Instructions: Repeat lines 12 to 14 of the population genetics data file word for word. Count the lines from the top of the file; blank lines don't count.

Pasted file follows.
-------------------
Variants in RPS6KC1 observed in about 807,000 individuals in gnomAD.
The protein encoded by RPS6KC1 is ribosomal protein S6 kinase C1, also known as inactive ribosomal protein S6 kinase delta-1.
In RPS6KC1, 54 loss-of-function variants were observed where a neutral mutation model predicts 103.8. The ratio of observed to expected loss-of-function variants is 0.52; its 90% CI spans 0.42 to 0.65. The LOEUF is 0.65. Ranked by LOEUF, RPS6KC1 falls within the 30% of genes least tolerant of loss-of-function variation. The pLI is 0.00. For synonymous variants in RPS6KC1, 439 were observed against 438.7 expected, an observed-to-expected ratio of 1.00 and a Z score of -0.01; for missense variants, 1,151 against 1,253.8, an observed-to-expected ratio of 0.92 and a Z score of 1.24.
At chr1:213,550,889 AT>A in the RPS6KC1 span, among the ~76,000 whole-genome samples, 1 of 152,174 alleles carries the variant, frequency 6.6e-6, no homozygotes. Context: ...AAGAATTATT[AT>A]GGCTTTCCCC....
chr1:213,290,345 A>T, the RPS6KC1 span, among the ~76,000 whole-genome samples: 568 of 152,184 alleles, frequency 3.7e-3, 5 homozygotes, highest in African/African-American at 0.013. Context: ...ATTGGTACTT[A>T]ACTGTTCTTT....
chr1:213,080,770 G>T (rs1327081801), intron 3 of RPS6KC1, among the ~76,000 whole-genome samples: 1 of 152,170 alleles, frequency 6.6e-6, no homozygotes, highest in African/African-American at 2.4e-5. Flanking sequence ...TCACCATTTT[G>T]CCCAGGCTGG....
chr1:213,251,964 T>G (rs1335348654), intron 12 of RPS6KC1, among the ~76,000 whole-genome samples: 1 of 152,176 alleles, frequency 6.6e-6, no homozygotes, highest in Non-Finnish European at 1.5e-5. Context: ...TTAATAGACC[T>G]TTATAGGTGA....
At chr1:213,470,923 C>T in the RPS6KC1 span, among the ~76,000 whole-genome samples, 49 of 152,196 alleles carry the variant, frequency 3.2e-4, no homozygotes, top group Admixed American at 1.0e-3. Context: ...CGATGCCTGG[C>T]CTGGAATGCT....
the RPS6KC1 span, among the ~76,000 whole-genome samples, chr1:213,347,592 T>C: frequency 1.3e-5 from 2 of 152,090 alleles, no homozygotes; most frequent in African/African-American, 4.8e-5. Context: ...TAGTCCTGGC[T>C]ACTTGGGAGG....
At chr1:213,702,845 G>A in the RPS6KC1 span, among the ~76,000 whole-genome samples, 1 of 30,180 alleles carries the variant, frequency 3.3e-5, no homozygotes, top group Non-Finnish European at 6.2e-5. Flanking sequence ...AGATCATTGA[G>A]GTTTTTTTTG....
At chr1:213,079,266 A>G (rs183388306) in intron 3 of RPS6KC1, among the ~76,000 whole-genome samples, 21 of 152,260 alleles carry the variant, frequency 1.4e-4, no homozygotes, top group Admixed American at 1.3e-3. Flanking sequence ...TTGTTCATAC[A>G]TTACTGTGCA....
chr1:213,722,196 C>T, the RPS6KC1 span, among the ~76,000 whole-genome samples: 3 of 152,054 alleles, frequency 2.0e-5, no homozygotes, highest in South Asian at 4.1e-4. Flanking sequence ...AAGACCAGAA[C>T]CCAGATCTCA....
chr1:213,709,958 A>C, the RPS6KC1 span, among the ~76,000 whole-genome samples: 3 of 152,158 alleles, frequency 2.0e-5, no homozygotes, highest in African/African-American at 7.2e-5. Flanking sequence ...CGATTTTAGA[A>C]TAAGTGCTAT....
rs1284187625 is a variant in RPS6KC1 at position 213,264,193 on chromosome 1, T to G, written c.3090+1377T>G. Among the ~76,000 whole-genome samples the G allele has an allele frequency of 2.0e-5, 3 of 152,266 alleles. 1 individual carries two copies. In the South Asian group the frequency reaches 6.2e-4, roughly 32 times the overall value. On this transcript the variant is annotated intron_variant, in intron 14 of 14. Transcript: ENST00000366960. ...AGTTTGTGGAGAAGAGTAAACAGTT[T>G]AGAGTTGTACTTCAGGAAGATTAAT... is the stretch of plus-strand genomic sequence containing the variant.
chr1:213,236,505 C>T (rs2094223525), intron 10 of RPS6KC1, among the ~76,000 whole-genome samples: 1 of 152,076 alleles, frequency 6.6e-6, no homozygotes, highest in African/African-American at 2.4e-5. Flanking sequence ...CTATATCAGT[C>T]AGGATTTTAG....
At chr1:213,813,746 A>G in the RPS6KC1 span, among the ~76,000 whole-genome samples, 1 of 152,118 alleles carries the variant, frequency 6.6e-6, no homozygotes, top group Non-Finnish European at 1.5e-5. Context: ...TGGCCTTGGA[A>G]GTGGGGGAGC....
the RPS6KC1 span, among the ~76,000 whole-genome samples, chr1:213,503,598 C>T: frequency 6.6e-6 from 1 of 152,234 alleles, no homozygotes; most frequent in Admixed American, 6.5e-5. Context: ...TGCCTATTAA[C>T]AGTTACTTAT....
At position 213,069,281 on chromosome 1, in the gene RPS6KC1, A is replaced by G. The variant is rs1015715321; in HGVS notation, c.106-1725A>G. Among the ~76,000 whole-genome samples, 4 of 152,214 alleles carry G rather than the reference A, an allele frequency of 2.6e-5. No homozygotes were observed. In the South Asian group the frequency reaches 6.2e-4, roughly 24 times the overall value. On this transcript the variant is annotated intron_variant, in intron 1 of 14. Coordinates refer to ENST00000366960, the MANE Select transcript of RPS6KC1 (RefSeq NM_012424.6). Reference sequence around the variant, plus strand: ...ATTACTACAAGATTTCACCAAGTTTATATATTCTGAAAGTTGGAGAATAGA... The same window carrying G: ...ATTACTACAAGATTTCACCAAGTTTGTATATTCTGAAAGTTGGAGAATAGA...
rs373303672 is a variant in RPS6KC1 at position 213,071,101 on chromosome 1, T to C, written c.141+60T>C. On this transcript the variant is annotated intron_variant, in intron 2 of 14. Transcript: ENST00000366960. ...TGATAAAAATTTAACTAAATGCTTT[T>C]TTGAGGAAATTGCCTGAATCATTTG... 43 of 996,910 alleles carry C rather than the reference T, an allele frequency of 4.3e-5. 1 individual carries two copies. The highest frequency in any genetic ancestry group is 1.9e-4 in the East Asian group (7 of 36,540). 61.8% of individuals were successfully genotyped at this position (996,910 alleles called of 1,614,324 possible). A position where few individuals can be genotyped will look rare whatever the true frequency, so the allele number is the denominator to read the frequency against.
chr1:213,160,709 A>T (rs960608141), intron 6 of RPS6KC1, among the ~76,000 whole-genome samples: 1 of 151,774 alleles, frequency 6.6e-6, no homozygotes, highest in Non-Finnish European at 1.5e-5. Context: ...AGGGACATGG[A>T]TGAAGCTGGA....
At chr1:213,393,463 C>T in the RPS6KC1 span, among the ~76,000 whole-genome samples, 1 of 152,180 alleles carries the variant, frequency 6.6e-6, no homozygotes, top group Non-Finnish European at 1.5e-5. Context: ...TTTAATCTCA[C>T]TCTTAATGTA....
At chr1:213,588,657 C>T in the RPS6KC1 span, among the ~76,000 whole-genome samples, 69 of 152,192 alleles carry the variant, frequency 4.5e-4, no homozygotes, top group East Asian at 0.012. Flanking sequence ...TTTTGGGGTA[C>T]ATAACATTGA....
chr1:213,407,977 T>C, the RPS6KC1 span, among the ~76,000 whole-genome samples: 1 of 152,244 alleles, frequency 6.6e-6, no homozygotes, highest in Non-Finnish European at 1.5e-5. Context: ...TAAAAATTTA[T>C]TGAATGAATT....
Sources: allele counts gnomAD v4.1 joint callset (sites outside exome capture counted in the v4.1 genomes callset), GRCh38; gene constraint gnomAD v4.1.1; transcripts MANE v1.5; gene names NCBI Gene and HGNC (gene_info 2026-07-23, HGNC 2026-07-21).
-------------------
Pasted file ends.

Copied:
chr1:213,722,196 C>T, the RPS6KC1 span, among the ~76,000 whole-genome samples: 3 of 152,054 alleles, frequency 2.0e-5, no homozygotes, highest in South Asian at 4.1e-4. Flanking sequence ...AAGACCAGAA[C>T]CCAGATCTCA....
chr1:213,709,958 A>C, the RPS6KC1 span, among the ~76,000 whole-genome samples: 3 of 152,158 alleles, frequency 2.0e-5, no homozygotes, highest in African/African-American at 7.2e-5. Flanking sequence ...CGATTTTAGA[A>C]TAAGTGCTAT....
rs1284187625 is a variant in RPS6KC1 at position 213,264,193 on chromosome 1, T to G, written c.3090+1377T>G. Among the ~76,000 whole-genome samples the G allele has an allele frequency of 2.0e-5, 3 of 152,266 alleles. 1 individual carries two copies. In the South Asian group the frequency reaches 6.2e-4, roughly 32 times the overall value. On this transcript the variant is annotated intron_variant, in intron 14 of 14. Transcript: ENST00000366960. ...AGTTTGTGGAGAAGAGTAAACAGTT[T>G]AGAGTTGTACTTCAGGAAGATTAAT... is the stretch of plus-strand genomic sequence containing the variant.